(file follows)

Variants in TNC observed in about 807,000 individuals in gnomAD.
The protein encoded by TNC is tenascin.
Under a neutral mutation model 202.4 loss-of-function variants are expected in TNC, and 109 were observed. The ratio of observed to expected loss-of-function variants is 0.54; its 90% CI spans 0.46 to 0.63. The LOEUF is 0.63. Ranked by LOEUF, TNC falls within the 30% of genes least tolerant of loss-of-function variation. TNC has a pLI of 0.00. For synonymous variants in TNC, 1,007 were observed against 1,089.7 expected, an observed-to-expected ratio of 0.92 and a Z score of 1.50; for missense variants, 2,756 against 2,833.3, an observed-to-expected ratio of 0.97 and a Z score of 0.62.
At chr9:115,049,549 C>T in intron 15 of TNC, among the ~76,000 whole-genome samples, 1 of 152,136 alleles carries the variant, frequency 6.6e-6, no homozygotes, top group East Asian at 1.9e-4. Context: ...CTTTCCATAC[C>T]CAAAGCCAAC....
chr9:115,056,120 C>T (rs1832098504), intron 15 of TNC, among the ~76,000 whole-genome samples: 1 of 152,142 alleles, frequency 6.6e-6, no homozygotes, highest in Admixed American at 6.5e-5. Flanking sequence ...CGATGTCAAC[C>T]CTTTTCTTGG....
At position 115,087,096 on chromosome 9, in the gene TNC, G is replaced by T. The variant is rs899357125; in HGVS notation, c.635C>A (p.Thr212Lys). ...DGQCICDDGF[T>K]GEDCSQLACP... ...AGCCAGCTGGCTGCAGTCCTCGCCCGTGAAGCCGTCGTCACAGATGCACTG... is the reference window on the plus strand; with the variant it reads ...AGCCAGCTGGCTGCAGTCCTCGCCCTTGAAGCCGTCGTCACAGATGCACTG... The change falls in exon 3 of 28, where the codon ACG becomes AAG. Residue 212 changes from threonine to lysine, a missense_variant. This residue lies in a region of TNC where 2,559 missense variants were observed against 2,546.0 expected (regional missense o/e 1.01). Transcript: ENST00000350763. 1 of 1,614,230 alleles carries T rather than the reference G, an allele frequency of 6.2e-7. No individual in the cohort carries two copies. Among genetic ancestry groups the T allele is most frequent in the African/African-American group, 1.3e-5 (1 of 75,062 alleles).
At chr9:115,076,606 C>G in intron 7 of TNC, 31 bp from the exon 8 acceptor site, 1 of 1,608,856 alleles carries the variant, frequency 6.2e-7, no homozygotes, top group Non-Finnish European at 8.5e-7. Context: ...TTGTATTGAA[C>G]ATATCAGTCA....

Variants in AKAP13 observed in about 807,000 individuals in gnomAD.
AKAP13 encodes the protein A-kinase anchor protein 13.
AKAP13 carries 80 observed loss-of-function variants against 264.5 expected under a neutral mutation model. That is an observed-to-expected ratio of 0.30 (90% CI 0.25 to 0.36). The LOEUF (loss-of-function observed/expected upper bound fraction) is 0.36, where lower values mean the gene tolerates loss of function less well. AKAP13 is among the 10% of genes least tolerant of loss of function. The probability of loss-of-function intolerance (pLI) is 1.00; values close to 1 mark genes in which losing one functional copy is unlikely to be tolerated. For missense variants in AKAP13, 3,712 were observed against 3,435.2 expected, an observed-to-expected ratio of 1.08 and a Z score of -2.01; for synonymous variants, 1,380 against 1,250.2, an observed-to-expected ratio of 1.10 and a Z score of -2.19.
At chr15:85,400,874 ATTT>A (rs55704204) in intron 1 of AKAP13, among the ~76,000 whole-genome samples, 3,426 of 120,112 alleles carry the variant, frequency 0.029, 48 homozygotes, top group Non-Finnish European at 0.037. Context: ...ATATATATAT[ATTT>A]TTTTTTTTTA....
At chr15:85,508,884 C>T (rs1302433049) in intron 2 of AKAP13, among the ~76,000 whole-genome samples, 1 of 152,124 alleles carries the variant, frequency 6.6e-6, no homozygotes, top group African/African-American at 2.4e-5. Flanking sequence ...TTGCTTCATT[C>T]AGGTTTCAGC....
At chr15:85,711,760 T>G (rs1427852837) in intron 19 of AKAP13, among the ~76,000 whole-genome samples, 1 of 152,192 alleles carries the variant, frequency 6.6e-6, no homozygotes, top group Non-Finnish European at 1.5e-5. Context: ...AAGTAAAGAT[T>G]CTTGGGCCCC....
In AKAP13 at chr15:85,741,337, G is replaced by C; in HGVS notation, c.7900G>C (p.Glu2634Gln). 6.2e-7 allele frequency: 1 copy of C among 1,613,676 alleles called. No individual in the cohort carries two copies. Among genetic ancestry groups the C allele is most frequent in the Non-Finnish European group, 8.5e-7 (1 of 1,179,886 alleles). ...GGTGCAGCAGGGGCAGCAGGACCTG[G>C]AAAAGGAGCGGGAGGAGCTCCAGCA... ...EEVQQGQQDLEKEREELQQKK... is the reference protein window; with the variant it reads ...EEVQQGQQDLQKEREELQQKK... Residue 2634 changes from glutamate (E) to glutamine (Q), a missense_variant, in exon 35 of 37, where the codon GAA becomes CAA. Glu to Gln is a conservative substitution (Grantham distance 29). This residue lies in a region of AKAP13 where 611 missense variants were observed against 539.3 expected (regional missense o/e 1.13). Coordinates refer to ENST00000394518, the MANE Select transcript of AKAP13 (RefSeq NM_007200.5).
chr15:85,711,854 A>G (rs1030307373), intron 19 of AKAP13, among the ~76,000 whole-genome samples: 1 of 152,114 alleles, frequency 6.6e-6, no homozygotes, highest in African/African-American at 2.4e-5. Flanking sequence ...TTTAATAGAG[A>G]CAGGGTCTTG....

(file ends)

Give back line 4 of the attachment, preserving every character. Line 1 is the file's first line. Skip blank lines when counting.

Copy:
At chr9:115,049,549 C>T in intron 15 of TNC, among the ~76,000 whole-genome samples, 1 of 152,136 alleles carries the variant, frequency 6.6e-6, no homozygotes, top group East Asian at 1.9e-4. Context: ...CTTTCCATAC[C>T]CAAAGCCAAC....